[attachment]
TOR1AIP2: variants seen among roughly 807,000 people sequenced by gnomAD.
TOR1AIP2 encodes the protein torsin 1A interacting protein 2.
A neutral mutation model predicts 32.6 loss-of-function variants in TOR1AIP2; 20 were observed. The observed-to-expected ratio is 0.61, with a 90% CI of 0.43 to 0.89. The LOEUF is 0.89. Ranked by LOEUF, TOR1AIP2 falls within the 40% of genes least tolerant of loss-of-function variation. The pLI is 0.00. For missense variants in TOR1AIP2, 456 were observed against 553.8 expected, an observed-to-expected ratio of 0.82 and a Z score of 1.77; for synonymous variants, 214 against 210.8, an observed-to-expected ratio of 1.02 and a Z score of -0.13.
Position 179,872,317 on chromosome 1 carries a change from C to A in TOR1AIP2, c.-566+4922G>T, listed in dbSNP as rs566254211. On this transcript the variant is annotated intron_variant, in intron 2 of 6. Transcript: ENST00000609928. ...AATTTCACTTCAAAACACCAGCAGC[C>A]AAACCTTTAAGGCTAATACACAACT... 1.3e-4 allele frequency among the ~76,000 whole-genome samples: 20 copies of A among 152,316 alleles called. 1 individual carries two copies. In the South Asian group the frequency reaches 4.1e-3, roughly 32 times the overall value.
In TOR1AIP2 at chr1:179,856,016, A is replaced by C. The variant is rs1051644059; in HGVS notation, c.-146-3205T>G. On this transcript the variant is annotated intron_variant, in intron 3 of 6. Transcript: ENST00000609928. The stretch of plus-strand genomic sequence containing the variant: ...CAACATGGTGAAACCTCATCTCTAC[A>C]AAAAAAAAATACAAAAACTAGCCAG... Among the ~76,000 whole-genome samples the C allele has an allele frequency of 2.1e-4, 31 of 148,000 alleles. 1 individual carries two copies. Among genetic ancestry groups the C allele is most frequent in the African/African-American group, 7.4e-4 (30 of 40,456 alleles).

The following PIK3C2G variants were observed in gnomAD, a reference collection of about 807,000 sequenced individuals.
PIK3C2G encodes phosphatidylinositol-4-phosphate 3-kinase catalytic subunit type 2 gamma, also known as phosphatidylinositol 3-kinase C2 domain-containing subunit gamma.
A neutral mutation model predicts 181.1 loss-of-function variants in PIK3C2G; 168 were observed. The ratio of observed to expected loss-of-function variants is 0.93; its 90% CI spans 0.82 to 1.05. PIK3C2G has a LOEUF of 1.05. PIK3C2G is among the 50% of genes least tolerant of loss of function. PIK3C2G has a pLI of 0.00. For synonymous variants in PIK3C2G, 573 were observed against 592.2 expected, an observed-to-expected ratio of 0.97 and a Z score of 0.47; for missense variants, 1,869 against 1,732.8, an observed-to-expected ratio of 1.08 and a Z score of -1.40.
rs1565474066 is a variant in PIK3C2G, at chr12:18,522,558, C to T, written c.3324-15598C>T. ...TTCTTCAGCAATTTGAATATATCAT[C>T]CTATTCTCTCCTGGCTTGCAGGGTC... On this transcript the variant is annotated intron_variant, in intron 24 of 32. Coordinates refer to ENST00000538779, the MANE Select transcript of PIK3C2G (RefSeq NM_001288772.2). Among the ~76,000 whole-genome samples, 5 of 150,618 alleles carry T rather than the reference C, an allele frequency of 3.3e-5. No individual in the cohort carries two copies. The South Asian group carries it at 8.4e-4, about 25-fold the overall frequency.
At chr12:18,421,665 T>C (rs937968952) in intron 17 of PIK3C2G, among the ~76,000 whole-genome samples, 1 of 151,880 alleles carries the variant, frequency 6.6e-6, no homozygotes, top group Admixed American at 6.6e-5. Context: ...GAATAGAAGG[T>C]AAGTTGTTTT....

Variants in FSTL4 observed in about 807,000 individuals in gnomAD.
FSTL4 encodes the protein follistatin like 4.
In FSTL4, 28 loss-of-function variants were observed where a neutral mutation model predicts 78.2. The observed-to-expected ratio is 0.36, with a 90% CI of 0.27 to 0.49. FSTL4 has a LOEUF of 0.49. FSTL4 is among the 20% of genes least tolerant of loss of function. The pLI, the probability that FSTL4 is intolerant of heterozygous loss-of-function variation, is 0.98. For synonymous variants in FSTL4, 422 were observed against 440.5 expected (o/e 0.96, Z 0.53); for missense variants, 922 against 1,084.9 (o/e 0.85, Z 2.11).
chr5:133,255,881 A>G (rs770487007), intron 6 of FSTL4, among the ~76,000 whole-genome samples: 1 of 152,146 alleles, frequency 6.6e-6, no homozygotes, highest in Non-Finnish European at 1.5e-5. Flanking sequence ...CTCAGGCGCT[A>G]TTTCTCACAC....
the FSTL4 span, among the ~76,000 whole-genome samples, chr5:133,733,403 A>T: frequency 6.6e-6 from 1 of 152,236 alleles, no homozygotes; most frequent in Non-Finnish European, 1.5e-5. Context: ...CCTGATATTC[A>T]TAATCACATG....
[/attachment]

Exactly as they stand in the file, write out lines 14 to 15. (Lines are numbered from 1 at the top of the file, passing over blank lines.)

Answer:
chr5:133,255,881 A>G (rs770487007), intron 6 of FSTL4, among the ~76,000 whole-genome samples: 1 of 152,146 alleles, frequency 6.6e-6, no homozygotes, highest in Non-Finnish European at 1.5e-5. Flanking sequence ...CTCAGGCGCT[A>G]TTTCTCACAC....
the FSTL4 span, among the ~76,000 whole-genome samples, chr5:133,733,403 A>T: frequency 6.6e-6 from 1 of 152,236 alleles, no homozygotes; most frequent in Non-Finnish European, 1.5e-5. Context: ...CCTGATATTC[A>T]TAATCACATG....